If it’s cloud gaming that you’re looking for, and you want Sony to deliver it, then PlayStation Now is your only option to try out right now.

Let’s get some potential confusion out of the way first. This isn’t PlayStation Plus, Sony’s subscription service for online gameplay and incentive-laden digital game purchases. There’s no streaming games there. You have to download them first.

PlayStation Now is about a larger game library that harkens back to bygone eras in the storied history of Sony’s popular consoles. It’s a cloud-based service that now (pardon the pun) also offers game downloads. There are over 800 titles currently available going back to the PS2. A majority are from the PS3, and it’s likely only a matter of time before PS4 games start to become staples in the library as well.

Devices PlayStation Now works with

Since its inception, PS Now was largely a PS4 vehicle. It once offered a nice cross-section of device compatibility, but no longer. Since 2017, PS3 and Vita owners, as well as those with certain Sony Bravia TV, Blu-ray players and Samsung TVs. After those went dark, the service stuck to the PS4, though Sony had extended support to Windows PCs, beginning in 2016.

The PlayStation 5 then came along when it launched, allowing PS4 owners to transfer over their subscriptions and profiles over to Sony’s newest console. While rumours have persisted about an eventual shift to include smartphones and tablets, that’s yet to materialize.

What you get for free

As a first-time subscriber, Sony will offer a 7-day trial, though you will have to sign up first, and should you continue on, your credit card or PayPal gets charged. Throughout the trial, you get unfettered access to really get an idea of what the service offers.

What you get as a PlayStation Now subscriber

There aren’t any tiers to the service, just a duration to initially sign up. For example, you can go for one month at $12.99, or get a little better value at $34.99 for three months. The best value is easily the 12-month deal at $79.99, which breaks down to $6.67/month. That looks much better when compared to the $11.67/month it comes out to with a three-month subscription.

Like PlayStation Plus, Now is easy to gift to someone as well. There are cards available with codes to sign up for whatever duration is noted on it. They’re easy to find in retail stores, too, but be careful to know what you’re buying. They can sometimes be right beside PlayStation Plus cards, which aren’t for the same service offerings.

Membership essentially gives you access to whatever games are available in the library. Naturally, you wouldn’t be able to play a PS5 game on a PS4, but that’s not really a problem right now. The games are playable, so long as you’re using one of the supported consoles or a PC. The neat thing is that membership gives you both offline and online access, meaning you can play co-op or multiplayer if the game allows for that.

Not all games stick around indefinitely, though. Sony will note expiry dates on the games that have a finite life on the platform, whereas others look to be there to stay for the long haul. You can choose to stream a game or download it to your device and play offline, so you do have the option to avoid a bad Wi-Fi connection if you already have the game on your console or PC. Just bear in mind that not every game is available to download.

Game selection

You can see every game Sony offers before you even sign up for a trial. Within that library, you’ll find a mixed bag of games to play, ranging from past classics to titles you’ve probably never heard of. For instance, you’ve got Fallout 3 and The Last of Us, both of which are highly-acclaimed, and you also have Wheel of Fortune and SkyScrappers.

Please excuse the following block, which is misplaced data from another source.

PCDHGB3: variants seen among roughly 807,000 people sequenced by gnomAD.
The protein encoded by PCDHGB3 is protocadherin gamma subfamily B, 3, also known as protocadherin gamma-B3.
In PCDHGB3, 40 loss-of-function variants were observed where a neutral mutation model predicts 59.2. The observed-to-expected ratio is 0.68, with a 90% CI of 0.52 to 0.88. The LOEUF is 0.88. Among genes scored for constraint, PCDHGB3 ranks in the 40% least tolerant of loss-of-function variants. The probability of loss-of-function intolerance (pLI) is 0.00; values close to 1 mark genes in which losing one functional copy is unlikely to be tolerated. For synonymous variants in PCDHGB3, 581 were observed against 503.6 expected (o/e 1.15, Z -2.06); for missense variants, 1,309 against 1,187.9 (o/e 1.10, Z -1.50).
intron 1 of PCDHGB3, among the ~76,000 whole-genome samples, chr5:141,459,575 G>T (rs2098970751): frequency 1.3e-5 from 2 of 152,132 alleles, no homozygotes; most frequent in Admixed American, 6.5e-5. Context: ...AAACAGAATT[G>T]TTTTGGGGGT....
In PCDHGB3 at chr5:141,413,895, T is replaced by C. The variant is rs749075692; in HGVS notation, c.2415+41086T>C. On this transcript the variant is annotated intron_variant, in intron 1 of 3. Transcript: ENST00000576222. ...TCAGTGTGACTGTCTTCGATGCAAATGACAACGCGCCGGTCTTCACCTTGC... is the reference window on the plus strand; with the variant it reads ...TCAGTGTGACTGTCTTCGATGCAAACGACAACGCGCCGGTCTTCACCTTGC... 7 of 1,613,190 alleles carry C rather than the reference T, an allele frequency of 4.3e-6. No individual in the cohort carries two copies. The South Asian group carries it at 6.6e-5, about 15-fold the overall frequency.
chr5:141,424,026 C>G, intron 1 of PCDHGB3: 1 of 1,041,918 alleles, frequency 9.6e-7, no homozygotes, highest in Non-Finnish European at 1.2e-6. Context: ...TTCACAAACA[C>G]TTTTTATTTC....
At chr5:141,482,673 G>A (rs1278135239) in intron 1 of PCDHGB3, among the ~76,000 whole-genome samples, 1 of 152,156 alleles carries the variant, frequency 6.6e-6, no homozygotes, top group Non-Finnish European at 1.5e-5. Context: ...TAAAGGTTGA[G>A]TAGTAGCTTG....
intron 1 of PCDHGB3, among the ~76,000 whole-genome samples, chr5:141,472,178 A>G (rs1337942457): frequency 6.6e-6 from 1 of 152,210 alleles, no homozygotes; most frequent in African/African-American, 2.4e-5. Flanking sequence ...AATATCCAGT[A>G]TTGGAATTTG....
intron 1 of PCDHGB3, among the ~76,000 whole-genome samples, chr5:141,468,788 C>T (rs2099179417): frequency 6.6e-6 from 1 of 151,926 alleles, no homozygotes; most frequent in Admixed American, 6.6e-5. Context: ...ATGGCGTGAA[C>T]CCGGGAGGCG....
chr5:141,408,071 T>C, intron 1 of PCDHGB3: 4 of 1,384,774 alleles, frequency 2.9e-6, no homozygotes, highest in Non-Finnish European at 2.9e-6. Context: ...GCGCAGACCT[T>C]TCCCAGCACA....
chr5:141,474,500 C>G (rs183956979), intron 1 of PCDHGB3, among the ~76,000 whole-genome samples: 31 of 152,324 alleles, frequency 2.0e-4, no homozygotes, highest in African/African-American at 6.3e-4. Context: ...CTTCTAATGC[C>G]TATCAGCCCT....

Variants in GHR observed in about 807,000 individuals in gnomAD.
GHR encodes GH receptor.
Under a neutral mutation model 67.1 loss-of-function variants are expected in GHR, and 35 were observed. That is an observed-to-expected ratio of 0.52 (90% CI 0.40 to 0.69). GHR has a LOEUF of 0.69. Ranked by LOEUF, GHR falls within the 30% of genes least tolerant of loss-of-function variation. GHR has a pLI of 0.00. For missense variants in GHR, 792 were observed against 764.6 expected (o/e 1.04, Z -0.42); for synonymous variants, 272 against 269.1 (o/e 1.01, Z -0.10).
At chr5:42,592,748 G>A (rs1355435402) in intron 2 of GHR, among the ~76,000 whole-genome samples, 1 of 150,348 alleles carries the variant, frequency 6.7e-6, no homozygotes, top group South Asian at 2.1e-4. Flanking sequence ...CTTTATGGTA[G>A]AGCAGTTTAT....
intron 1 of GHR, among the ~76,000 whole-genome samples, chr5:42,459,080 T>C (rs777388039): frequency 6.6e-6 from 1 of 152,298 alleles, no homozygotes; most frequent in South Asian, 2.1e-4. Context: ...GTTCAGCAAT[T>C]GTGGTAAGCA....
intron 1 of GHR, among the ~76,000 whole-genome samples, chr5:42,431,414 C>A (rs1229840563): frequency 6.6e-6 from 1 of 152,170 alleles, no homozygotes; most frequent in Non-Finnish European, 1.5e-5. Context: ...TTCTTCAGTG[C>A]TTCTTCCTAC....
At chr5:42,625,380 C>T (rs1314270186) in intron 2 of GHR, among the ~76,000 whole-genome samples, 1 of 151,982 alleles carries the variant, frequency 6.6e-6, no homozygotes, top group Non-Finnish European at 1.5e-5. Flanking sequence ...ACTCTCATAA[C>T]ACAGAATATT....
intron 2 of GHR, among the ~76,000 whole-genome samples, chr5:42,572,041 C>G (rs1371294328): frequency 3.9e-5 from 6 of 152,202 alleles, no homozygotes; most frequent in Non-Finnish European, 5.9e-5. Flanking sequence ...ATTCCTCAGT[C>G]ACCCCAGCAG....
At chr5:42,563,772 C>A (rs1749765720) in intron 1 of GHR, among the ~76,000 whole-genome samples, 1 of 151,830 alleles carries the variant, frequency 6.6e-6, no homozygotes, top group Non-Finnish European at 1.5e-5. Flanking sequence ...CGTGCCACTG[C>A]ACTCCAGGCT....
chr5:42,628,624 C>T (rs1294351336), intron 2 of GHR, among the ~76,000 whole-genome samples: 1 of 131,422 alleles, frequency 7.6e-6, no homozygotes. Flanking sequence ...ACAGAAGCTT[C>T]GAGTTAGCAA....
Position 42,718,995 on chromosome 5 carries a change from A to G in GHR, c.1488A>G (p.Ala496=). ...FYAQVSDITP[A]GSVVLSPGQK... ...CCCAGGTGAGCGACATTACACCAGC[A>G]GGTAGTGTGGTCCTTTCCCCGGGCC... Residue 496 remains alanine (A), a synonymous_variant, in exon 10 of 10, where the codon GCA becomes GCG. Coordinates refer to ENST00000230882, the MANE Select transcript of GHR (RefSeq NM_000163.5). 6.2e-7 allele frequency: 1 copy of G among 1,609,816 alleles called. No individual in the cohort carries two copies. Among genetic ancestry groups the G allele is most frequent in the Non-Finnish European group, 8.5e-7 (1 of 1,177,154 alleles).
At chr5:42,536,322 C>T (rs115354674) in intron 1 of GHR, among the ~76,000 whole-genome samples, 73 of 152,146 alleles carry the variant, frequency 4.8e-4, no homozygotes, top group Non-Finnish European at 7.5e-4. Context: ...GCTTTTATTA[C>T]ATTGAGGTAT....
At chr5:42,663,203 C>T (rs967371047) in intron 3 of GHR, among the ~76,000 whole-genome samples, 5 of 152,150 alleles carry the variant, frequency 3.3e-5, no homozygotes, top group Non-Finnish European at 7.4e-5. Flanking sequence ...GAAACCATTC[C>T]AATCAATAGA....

It’s hard to say there’s much of a middle ground because there are plenty of great games to jump into, but also a lot of stinkers that aren’t going to offer much fun for most. This is entirely subjective, so there may be a gem within that latter group. It’s just that you would need time to find which one actually amounts to that.

Despite that, there’s enough here to spend time with if you haven’t played some of these games before. The Batman Arkham trilogy is on here, as well as the first three Uncharted games. You also get Borderlands 3, Avengers and the Metal Gear Solid collection. There’s a lot to like about what’s available.

Is it worth it?

This largely depends on two related factors. First, how much do you actually play, and second, what’s your home Internet like? Sony recently raised streaming resolution to 1080p, which might not seem like a big jump in pixels for 2021, but it is a big deal for PlayStation Now. And it’s great if you can handle it.

When you’ve got the right connection, gameplay can feel smooth all the way. Sure, there may be hiccups on startup, but it’s otherwise fine. I would ignore Sony’s minimum requirements and at least double them if you want consistency. Especially now that 1080p streaming is available. Some games are very demanding in the graphics they display, so if you’re expecting a similar experience to that of a game from a disc or storage drive, the fatter your data pipe, the better.

I often implore people to always buy third-party routers, rather than use the device an Internet provider includes with their service. A service like PS Now is data hungry, and needs the best possible throughput to run efficiently. Not unlike Netflix in 4K. That’s why you should make the absolute most out of that 7-day trial to see where you stand.

As for the game selection, that will be a determining factor as to how long you stick around. Doesn’t look the latest games will be hitting the platform, like they sometimes do with Xbox Game Pass, but if you’ve got a bit of nostalgia, or looking to catch up with a game you previously missed, PlayStation Now may be worth a shot.

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